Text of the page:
- "A floating corpse and a severed arm have already been retrieved from the disgusting water at Ganabara Bay in Rio
"Just days ahead of the Olympic Games the waterways of Rio de Janeiro are as filthy as ever, contaminated with raw human sewage teeming with dangerous viruses and bacteria, according to a 16-month-long study.
Rubbish is so thick in some areas that water is not visible and rats are able to live on top of the disgusting floating debris.
Not only are some 1,400 athletes at risk of getting violently ill in water competitions, but the tests indicate that tourists also face potentially serious health risks on the golden beaches of Ipanema and Copacabana.
The survey of the aquatic Olympic and Paralympic venues has revealed consistent and dangerously high levels of viruses from the pollution, a major black eye on Rio's Olympic project that has set off alarm bells among sailors, rowers and open-water swimmers.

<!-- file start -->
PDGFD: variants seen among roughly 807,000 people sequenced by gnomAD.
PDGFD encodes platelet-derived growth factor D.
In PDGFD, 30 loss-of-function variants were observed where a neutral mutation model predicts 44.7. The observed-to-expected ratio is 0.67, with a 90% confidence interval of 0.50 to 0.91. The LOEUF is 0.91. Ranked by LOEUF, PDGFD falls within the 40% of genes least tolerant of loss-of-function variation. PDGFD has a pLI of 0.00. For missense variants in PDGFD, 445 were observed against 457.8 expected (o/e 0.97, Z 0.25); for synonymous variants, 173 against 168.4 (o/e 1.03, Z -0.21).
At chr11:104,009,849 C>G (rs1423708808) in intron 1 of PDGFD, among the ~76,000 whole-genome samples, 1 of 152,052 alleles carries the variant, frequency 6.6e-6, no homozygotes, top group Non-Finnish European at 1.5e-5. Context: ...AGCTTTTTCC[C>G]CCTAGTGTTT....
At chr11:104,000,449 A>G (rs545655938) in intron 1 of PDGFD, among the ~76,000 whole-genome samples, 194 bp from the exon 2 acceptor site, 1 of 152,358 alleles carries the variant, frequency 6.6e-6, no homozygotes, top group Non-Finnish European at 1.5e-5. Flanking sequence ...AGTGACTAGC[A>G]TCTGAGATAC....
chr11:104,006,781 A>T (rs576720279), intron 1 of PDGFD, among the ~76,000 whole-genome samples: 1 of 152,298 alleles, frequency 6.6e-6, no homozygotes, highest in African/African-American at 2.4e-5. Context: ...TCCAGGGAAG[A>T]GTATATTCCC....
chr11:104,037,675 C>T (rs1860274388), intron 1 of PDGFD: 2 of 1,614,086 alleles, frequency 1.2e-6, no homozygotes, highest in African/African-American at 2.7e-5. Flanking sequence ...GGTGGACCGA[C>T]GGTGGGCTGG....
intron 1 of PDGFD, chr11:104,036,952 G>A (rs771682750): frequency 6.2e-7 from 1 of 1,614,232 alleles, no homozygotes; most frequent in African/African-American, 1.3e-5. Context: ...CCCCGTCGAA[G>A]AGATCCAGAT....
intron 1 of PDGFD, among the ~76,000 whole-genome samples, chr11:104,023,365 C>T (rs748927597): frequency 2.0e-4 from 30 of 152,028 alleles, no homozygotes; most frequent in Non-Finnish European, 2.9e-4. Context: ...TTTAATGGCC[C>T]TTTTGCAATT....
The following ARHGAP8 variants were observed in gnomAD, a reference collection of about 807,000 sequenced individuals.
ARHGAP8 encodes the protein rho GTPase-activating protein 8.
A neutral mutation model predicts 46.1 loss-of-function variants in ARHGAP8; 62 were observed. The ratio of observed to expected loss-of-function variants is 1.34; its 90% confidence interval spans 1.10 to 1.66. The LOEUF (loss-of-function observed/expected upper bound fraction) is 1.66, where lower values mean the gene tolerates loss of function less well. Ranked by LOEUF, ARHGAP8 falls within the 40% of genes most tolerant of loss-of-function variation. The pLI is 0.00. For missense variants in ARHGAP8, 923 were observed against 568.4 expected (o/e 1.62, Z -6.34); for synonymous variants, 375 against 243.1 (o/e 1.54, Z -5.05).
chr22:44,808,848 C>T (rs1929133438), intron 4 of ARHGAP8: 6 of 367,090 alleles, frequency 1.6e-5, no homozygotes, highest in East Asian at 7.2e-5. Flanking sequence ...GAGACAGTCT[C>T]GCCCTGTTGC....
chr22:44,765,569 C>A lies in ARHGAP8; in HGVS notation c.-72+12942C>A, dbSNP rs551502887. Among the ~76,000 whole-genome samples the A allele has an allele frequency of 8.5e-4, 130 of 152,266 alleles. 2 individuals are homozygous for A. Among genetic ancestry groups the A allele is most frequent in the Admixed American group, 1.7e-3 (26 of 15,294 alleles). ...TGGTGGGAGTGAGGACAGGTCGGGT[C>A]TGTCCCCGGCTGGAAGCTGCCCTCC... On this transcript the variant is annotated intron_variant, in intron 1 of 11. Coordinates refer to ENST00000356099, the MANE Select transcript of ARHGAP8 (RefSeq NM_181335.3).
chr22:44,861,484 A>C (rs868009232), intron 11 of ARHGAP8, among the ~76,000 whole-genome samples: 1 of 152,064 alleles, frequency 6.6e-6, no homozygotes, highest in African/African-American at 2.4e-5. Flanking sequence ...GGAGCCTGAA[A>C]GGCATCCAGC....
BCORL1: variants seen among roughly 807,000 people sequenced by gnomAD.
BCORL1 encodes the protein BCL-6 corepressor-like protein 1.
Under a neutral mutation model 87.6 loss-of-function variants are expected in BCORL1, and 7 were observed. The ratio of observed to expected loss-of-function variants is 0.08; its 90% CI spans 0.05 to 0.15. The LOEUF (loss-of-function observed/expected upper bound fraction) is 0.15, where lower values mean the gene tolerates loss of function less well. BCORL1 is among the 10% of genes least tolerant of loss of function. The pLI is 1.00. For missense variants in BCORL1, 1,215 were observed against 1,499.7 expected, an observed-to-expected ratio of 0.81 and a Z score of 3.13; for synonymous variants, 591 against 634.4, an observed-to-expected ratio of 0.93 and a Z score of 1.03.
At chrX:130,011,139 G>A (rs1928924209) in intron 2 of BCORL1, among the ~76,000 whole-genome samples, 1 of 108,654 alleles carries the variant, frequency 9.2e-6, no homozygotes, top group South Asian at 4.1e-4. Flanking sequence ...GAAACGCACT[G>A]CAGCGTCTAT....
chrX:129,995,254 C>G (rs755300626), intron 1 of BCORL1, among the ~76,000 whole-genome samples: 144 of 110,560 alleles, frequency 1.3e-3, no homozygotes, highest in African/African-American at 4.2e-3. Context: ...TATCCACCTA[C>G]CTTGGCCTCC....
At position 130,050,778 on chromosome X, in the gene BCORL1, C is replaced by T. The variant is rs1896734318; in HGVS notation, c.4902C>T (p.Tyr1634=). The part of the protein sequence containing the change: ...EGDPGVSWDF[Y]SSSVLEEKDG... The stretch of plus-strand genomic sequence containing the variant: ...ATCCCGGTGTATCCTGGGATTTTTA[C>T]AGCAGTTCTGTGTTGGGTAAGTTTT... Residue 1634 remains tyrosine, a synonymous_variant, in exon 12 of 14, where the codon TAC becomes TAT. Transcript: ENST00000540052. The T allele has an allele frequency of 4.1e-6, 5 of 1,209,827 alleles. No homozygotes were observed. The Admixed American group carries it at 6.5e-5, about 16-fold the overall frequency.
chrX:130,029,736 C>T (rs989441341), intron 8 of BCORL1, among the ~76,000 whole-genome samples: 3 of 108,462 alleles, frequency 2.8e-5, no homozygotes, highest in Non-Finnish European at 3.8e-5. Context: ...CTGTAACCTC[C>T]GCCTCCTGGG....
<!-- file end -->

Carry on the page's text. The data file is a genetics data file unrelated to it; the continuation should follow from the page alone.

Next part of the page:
The first results of the study published over a year ago showed viral levels at up to 1.7 million times what would be considered worrisome in the United States or Europe.
At those concentrations, swimmers and athletes who ingest just three teaspoons of water are almost certain to be infected with viruses that can cause stomach and respiratory illnesses and more rarely heart and brain inflammation - although whether they actually fall ill depends on a series of factors including the strength of the individual's immune system.
Since the release of the initial results last July, athletes have been taking elaborate precautions to prevent illnesses that could potentially knock them out of the competition, including preventatively taking antibiotics, bleaching oars and donning plastic suits and gloves in a bid to limit contact with the water.
But antibiotics combat bacterial infections, not viruses.
And the investigation found that infectious adenovirus readings - tested with cell cultures and verified with molecular biology protocols - turned up at nearly 90 percent of the test sites over 16 months of testing.